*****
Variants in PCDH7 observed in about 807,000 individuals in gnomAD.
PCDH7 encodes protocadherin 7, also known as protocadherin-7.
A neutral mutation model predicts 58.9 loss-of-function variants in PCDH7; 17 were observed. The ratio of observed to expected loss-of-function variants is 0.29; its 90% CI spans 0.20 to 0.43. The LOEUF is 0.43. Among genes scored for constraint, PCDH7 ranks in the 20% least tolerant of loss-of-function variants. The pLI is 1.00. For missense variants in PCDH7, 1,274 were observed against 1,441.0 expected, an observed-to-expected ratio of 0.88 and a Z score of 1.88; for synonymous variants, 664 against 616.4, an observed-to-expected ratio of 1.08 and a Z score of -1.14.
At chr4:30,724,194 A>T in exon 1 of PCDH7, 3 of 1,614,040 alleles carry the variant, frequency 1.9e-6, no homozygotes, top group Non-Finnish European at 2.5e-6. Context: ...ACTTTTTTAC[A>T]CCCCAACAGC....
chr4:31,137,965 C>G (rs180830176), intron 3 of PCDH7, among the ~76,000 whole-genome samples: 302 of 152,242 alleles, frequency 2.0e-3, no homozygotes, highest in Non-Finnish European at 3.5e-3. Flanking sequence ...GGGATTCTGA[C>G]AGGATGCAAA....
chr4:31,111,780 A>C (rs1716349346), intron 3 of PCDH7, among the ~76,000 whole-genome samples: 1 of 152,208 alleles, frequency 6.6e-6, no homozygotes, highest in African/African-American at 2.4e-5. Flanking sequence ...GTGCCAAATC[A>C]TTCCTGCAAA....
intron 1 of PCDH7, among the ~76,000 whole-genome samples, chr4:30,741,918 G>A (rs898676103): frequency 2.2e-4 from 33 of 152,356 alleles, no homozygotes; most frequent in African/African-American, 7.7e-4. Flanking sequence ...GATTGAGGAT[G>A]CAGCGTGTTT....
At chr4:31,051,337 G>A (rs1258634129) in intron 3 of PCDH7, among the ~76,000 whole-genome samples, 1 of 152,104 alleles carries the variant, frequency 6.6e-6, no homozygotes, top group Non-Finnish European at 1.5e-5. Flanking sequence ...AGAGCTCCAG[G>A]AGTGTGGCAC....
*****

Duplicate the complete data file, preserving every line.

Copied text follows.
Variants in PCDH7 observed in about 807,000 individuals in gnomAD.
PCDH7 encodes protocadherin 7, also known as protocadherin-7.
A neutral mutation model predicts 58.9 loss-of-function variants in PCDH7; 17 were observed. The ratio of observed to expected loss-of-function variants is 0.29; its 90% CI spans 0.20 to 0.43. The LOEUF is 0.43. Among genes scored for constraint, PCDH7 ranks in the 20% least tolerant of loss-of-function variants. The pLI is 1.00. For missense variants in PCDH7, 1,274 were observed against 1,441.0 expected, an observed-to-expected ratio of 0.88 and a Z score of 1.88; for synonymous variants, 664 against 616.4, an observed-to-expected ratio of 1.08 and a Z score of -1.14.
At chr4:30,724,194 A>T in exon 1 of PCDH7, 3 of 1,614,040 alleles carry the variant, frequency 1.9e-6, no homozygotes, top group Non-Finnish European at 2.5e-6. Context: ...ACTTTTTTAC[A>T]CCCCAACAGC....
chr4:31,137,965 C>G (rs180830176), intron 3 of PCDH7, among the ~76,000 whole-genome samples: 302 of 152,242 alleles, frequency 2.0e-3, no homozygotes, highest in Non-Finnish European at 3.5e-3. Flanking sequence ...GGGATTCTGA[C>G]AGGATGCAAA....
chr4:31,111,780 A>C (rs1716349346), intron 3 of PCDH7, among the ~76,000 whole-genome samples: 1 of 152,208 alleles, frequency 6.6e-6, no homozygotes, highest in African/African-American at 2.4e-5. Flanking sequence ...GTGCCAAATC[A>C]TTCCTGCAAA....
intron 1 of PCDH7, among the ~76,000 whole-genome samples, chr4:30,741,918 G>A (rs898676103): frequency 2.2e-4 from 33 of 152,356 alleles, no homozygotes; most frequent in African/African-American, 7.7e-4. Flanking sequence ...GATTGAGGAT[G>A]CAGCGTGTTT....
At chr4:31,051,337 G>A (rs1258634129) in intron 3 of PCDH7, among the ~76,000 whole-genome samples, 1 of 152,104 alleles carries the variant, frequency 6.6e-6, no homozygotes, top group Non-Finnish European at 1.5e-5. Flanking sequence ...AGAGCTCCAG[G>A]AGTGTGGCAC....